There’s no such thing as ‘reasonable suspicion’ of immigrants

By Ana Christina DaSilva Iddings
July 1, 2014

Unaccompanied minors ride atop the wagon of a freight train, known as La Bestia (The Beast) in Ixtepec

My path to the United States, 20 years ago, was far less traumatic than that of the 52,000 unaccompanied children from Central America who have arrived at the southern U.S. border since October. Since many of these children don’t qualify for asylum, immigration officials move them to detention centers — after which they eventually face deportation proceedings.

Yet in my son — and in these unaccompanied migrants — I see an entire generation of children who will grow up viewing the United States as a country that discriminates against non-natives.

Our current immigration policies have an impact on all children — not just those who are undocumented or in mixed-status families. I am a green card-carrying resident alien who was born in Brazil. I’ve lived in the United States for over two decades. Yet I’m still held in airports or scrutinized by police because of anti-immigrant laws like SB 1070 in Arizona, which requires authorities to detain immigrants if there’s “reasonable suspicion” that they are not living in the U.S. legally.

The last time that happened, I was catching a flight out of the Tucson airport en route to an academic conference, accompanied by my teenage son. Ironically, I was due to give a talk about how immigration reform, deportation policies, and anti-immigrant laws such as Arizona’s SB 1070 can negatively affect the education of young immigrant children.

I arrived late at the airport and was rushing through security when a Border Patrol officer asked my fellow travelers and me whether we were citizens of the United States. After I explained that I was a resident alien, the officer asked to see my green card, which I had accidentally left at home. Although I had an Arizona driver’s license, birth certificate, marriage license and passport, the officer detained me for not carrying my green card.

She lined me up against a wall with about 20 other travelers — mostly brown-skinned people who were not carrying the required documents. She paced in front of me and yelled that I was breaking the law for not having the right documentation, and that I would suffer the consequences of my actions.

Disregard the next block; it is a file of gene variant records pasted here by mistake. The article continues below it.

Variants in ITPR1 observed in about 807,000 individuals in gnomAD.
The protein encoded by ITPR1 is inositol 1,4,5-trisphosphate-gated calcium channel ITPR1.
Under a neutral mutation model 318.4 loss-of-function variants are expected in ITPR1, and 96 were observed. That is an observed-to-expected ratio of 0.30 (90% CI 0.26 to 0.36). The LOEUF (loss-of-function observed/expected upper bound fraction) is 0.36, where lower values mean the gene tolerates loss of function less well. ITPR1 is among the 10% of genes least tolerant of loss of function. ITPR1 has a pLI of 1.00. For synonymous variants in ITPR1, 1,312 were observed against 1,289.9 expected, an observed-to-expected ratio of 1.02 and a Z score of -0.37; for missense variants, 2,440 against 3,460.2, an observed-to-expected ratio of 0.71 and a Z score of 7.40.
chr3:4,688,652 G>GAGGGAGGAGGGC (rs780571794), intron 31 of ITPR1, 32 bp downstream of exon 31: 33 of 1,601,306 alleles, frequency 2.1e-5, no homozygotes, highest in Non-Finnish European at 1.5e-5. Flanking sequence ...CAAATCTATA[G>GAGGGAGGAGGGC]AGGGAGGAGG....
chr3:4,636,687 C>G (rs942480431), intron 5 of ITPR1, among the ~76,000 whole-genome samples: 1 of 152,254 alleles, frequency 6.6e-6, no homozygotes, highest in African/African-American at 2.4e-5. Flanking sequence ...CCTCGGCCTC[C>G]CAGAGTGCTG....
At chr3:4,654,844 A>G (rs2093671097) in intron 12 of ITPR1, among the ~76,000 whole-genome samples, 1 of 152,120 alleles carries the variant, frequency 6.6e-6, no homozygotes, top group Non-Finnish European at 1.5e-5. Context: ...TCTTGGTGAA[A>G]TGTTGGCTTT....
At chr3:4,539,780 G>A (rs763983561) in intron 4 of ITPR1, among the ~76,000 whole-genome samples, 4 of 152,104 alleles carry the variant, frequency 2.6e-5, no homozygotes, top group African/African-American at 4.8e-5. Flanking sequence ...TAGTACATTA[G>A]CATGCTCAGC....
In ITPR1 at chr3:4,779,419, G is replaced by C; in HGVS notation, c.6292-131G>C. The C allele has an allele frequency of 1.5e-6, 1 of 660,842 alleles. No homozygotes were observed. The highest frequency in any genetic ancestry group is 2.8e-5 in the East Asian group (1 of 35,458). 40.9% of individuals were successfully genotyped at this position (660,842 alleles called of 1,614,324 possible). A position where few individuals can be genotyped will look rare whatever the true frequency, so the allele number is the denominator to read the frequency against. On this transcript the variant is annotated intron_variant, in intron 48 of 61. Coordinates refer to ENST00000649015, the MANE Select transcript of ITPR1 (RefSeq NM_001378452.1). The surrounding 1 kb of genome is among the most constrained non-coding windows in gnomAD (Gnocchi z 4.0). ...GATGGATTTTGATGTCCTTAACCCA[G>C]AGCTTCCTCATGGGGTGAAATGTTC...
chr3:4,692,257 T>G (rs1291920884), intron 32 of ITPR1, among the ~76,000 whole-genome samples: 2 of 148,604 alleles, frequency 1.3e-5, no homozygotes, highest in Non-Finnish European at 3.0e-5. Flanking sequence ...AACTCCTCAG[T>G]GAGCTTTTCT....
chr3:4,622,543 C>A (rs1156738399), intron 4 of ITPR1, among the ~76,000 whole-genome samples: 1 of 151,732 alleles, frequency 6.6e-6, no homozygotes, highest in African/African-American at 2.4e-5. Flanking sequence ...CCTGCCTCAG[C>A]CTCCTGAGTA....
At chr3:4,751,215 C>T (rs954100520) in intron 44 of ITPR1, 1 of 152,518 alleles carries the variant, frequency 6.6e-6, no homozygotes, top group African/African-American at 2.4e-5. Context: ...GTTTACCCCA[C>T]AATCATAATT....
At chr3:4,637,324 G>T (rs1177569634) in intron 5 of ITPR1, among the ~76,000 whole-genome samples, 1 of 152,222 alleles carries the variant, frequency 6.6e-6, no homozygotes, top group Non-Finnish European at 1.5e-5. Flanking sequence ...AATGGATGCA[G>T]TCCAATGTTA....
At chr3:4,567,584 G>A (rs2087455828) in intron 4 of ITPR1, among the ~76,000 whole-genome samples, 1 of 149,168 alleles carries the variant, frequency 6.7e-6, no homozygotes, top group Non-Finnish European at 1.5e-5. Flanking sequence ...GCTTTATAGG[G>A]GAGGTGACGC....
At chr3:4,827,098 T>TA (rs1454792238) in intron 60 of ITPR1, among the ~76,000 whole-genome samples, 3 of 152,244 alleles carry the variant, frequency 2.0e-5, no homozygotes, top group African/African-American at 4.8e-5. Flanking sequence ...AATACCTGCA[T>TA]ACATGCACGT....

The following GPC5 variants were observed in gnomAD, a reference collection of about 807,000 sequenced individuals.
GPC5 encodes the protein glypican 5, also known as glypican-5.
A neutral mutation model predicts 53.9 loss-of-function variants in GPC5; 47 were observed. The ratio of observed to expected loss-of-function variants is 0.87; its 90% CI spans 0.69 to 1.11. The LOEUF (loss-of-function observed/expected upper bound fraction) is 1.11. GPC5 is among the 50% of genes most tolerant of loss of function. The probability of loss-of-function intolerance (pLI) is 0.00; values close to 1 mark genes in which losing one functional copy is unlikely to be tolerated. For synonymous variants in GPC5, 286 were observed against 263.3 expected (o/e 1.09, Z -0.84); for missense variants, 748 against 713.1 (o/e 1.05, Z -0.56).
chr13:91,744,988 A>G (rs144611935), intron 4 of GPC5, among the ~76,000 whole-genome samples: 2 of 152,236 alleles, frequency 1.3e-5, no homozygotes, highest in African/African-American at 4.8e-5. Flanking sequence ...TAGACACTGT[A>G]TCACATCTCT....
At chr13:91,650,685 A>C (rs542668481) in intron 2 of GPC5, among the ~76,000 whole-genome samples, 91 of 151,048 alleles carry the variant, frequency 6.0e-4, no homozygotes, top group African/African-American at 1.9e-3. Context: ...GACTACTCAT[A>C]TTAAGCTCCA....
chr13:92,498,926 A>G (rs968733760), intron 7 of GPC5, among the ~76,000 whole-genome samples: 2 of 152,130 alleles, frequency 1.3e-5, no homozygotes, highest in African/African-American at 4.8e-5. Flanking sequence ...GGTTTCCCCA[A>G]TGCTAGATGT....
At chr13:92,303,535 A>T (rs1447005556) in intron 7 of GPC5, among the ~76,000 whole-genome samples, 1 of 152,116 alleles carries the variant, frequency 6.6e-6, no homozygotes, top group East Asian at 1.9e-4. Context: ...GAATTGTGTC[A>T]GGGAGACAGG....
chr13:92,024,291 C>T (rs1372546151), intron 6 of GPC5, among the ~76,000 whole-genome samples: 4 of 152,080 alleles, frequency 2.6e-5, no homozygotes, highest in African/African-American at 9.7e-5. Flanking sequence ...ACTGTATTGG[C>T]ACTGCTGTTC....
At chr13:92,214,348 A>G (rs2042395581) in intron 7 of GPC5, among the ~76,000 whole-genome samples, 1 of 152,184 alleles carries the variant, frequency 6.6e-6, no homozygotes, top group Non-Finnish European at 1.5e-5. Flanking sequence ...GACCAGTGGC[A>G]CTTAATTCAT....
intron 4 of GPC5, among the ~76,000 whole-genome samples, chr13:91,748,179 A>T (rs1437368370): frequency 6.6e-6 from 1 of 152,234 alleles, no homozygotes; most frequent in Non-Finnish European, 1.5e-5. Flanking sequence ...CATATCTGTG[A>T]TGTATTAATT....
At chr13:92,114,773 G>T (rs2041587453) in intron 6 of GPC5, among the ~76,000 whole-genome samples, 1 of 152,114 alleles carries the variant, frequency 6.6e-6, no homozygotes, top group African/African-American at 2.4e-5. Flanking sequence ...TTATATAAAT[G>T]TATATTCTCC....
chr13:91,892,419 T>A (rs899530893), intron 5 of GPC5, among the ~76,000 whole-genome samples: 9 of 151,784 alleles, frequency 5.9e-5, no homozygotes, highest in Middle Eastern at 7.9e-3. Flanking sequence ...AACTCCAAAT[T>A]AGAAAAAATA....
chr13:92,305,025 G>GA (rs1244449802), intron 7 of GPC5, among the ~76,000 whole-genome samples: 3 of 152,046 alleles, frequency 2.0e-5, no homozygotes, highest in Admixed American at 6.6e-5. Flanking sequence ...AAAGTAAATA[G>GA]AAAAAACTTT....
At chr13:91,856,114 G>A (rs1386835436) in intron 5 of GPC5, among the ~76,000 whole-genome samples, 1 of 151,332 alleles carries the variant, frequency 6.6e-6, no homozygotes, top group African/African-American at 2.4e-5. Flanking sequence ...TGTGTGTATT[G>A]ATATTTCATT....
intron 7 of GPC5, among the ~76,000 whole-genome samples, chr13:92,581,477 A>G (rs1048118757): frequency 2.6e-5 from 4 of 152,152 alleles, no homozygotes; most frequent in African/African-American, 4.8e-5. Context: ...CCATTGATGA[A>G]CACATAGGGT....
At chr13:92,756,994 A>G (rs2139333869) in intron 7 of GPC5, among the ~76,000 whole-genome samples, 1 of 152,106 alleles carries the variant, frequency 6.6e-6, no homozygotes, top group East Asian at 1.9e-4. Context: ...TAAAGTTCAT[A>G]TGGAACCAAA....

I asked the officer to use my driver’s license information to verify my legal status. She said that although she could have done so quickly, through a phone call, she wanted to make an example out of me. And so she stood there, smirking. She released me several hours later; I missed my flight and my talk.

My experience was painful, but it could have been far worse. Unlike the 11 million undocumented migrants in the United States who currently risk detention or deportation, I don’t have to worry about being separated from my family. Yet my teenage son was terrified by the way the Border Patrol agent treated me and others. He lost some of his respect for institutional authority, an unfortunate outcome for a child who is becoming a voting citizen of this country.

While my son — as a United States citizen, born to an academic — has a dramatically different life than the unaccompanied children heading to America, I’m concerned that they’re all part of a generation that will grow up resentful of the United States and its treatment of immigrants.

A migrant child chooses clothing at the Sacred Heart Catholic Church temporary migrant shelter in McAllen, TexasAs an educator in border towns across southern Arizona, I meet many children from migrant families, the majority of whom have parents or caretakers who risk deportation. Unlike their peers, these children don’t get to play outdoors, for fear of being identified by immigration officials. Instead, they hide inside. If they make any noise, Immigration Services may use it as an excuse to investigate their house; the children’s parents, grandparents or other relatives could be taken away at a moment’s notice. If their parents and other relatives are deported, the children may suffer severe emotional and psychological trauma.

Through their experiences, all of these children are developing a belief — perpetuated by our immigration policies — that they’re not welcome in America, and that the inclusiveness on which this country was founded does not apply to them.

It’s time that we, as a nation, improve our treatment of all immigrants. The world is watching how we handle the droves of Central American children arriving at the southern U.S. borders. We can’t wait for Congress to enact real immigration reform and not making any real provisions for them. We must stop U.S. Border Patrol use of excessive force. We must repeal anti-immigrant laws like SB 1070, and ensure that those who are detained or deported are treated humanely. Children, especially, should receive honorable treatment.

PHOTOS: Unaccompanied minors ride atop the wagon of a freight train, known as La Bestia (The Beast) in Ixtepec, in the Mexican state of Oaxaca June 18, 2014. USA-IMMIGRATION/MEXICO REUTERS/Jose de Jesus Cortes 

A migrant child chooses clothing at the Sacred Heart Catholic Church temporary migrant shelter in McAllen, Texas June 27, 2014.  Picture taken June 27, 2014. REUTERS/Stringer

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